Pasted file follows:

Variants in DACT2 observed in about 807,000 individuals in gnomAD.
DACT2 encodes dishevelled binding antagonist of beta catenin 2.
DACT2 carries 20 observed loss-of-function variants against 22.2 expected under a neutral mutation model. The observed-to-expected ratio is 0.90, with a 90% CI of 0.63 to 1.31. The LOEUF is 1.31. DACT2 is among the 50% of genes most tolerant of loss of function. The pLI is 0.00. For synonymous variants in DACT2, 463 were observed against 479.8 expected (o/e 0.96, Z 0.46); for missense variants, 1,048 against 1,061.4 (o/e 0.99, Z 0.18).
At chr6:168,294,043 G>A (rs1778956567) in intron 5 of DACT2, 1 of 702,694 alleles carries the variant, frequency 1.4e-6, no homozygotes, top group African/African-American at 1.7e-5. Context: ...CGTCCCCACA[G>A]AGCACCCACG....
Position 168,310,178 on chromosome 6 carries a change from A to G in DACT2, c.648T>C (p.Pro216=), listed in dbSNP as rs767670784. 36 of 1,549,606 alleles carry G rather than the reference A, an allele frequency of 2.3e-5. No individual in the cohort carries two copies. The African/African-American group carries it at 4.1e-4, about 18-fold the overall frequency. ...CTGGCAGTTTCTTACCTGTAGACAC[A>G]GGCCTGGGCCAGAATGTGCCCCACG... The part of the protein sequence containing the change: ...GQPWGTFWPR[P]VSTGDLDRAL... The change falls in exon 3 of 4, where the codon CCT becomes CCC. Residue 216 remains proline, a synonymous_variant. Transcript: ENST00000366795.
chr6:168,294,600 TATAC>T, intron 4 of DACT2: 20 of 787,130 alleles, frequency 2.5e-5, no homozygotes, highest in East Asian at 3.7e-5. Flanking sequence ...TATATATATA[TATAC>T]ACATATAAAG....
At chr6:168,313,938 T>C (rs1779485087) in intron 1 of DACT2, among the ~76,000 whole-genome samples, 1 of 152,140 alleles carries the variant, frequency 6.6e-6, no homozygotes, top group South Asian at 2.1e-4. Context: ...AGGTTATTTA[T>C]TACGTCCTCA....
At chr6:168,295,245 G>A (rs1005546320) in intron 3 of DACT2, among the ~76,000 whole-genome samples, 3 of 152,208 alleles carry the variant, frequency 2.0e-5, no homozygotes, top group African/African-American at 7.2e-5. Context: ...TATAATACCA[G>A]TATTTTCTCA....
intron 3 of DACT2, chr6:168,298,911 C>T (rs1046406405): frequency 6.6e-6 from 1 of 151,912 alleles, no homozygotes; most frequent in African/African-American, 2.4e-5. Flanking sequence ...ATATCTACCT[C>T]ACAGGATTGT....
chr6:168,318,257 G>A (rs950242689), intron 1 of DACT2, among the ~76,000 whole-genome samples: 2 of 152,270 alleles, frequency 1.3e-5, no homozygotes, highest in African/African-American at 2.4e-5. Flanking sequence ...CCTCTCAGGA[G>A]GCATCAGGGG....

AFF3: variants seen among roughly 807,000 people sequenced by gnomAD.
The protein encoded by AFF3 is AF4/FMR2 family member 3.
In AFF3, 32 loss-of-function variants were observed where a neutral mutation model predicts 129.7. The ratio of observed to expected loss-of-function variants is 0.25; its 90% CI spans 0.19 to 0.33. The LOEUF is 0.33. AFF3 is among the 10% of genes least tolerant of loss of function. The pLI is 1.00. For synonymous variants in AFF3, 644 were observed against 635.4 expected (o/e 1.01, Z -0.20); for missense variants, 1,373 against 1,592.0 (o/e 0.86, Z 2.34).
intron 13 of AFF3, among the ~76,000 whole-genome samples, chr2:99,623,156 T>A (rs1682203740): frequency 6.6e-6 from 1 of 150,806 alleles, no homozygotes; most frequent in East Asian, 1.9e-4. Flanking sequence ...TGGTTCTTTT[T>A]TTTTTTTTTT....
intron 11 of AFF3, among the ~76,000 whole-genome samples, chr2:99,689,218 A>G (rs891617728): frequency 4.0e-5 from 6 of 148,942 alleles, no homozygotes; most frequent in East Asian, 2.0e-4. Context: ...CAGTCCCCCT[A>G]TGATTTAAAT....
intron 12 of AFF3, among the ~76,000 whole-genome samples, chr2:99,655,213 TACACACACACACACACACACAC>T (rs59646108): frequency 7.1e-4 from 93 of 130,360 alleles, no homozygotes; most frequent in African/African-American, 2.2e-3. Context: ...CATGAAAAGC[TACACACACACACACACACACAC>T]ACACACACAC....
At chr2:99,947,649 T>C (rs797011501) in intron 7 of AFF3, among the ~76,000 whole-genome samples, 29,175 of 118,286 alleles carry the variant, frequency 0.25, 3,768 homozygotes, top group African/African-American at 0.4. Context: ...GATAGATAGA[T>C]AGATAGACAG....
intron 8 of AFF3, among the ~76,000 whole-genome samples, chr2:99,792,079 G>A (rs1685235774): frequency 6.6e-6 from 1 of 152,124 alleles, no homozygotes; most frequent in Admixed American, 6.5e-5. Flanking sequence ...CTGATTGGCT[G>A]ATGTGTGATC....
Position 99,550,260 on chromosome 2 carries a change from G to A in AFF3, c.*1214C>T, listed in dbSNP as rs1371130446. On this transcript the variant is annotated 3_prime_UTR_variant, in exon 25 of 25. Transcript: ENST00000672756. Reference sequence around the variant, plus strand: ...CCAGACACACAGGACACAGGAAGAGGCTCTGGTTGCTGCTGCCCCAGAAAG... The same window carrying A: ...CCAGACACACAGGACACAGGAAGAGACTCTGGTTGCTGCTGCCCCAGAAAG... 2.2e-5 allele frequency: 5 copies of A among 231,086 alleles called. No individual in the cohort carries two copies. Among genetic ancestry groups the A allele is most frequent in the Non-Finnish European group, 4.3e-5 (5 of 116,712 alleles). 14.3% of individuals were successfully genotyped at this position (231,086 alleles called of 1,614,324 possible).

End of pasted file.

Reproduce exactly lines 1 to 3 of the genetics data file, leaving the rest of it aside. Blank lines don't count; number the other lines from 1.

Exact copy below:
Variants in DACT2 observed in about 807,000 individuals in gnomAD.
DACT2 encodes dishevelled binding antagonist of beta catenin 2.
DACT2 carries 20 observed loss-of-function variants against 22.2 expected under a neutral mutation model. The observed-to-expected ratio is 0.90, with a 90% CI of 0.63 to 1.31. The LOEUF is 1.31. DACT2 is among the 50% of genes most tolerant of loss of function. The pLI is 0.00. For synonymous variants in DACT2, 463 were observed against 479.8 expected (o/e 0.96, Z 0.46); for missense variants, 1,048 against 1,061.4 (o/e 0.99, Z 0.18).